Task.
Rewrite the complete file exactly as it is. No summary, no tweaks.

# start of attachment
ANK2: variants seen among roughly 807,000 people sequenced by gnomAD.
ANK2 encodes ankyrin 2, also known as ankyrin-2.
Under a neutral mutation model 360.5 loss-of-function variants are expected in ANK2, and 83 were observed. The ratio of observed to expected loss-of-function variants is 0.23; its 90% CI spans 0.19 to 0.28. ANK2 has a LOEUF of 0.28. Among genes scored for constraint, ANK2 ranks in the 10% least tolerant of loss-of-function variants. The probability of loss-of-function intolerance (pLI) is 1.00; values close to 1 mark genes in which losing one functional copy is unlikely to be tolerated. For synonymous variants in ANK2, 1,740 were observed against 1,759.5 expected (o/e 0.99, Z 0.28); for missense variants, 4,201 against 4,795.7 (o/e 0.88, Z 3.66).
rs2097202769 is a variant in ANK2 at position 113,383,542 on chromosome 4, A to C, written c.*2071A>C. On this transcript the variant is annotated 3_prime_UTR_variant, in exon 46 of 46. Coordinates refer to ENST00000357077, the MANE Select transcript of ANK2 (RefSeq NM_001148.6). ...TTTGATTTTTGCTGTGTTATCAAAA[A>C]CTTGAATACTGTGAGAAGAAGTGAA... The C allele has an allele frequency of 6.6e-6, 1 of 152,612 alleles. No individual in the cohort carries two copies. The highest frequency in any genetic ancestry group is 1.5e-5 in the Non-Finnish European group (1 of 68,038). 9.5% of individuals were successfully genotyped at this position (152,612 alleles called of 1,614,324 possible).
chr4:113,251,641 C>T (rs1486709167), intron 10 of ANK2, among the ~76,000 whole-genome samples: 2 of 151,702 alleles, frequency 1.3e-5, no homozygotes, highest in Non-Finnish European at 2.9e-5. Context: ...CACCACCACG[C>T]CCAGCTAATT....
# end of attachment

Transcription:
ANK2: variants seen among roughly 807,000 people sequenced by gnomAD.
ANK2 encodes ankyrin 2, also known as ankyrin-2.
Under a neutral mutation model 360.5 loss-of-function variants are expected in ANK2, and 83 were observed. The ratio of observed to expected loss-of-function variants is 0.23; its 90% CI spans 0.19 to 0.28. ANK2 has a LOEUF of 0.28. Among genes scored for constraint, ANK2 ranks in the 10% least tolerant of loss-of-function variants. The probability of loss-of-function intolerance (pLI) is 1.00; values close to 1 mark genes in which losing one functional copy is unlikely to be tolerated. For synonymous variants in ANK2, 1,740 were observed against 1,759.5 expected (o/e 0.99, Z 0.28); for missense variants, 4,201 against 4,795.7 (o/e 0.88, Z 3.66).
rs2097202769 is a variant in ANK2 at position 113,383,542 on chromosome 4, A to C, written c.*2071A>C. On this transcript the variant is annotated 3_prime_UTR_variant, in exon 46 of 46. Coordinates refer to ENST00000357077, the MANE Select transcript of ANK2 (RefSeq NM_001148.6). ...TTTGATTTTTGCTGTGTTATCAAAA[A>C]CTTGAATACTGTGAGAAGAAGTGAA... The C allele has an allele frequency of 6.6e-6, 1 of 152,612 alleles. No individual in the cohort carries two copies. The highest frequency in any genetic ancestry group is 1.5e-5 in the Non-Finnish European group (1 of 68,038). 9.5% of individuals were successfully genotyped at this position (152,612 alleles called of 1,614,324 possible).
chr4:113,251,641 C>T (rs1486709167), intron 10 of ANK2, among the ~76,000 whole-genome samples: 2 of 151,702 alleles, frequency 1.3e-5, no homozygotes, highest in Non-Finnish European at 2.9e-5. Context: ...CACCACCACG[C>T]CCAGCTAATT....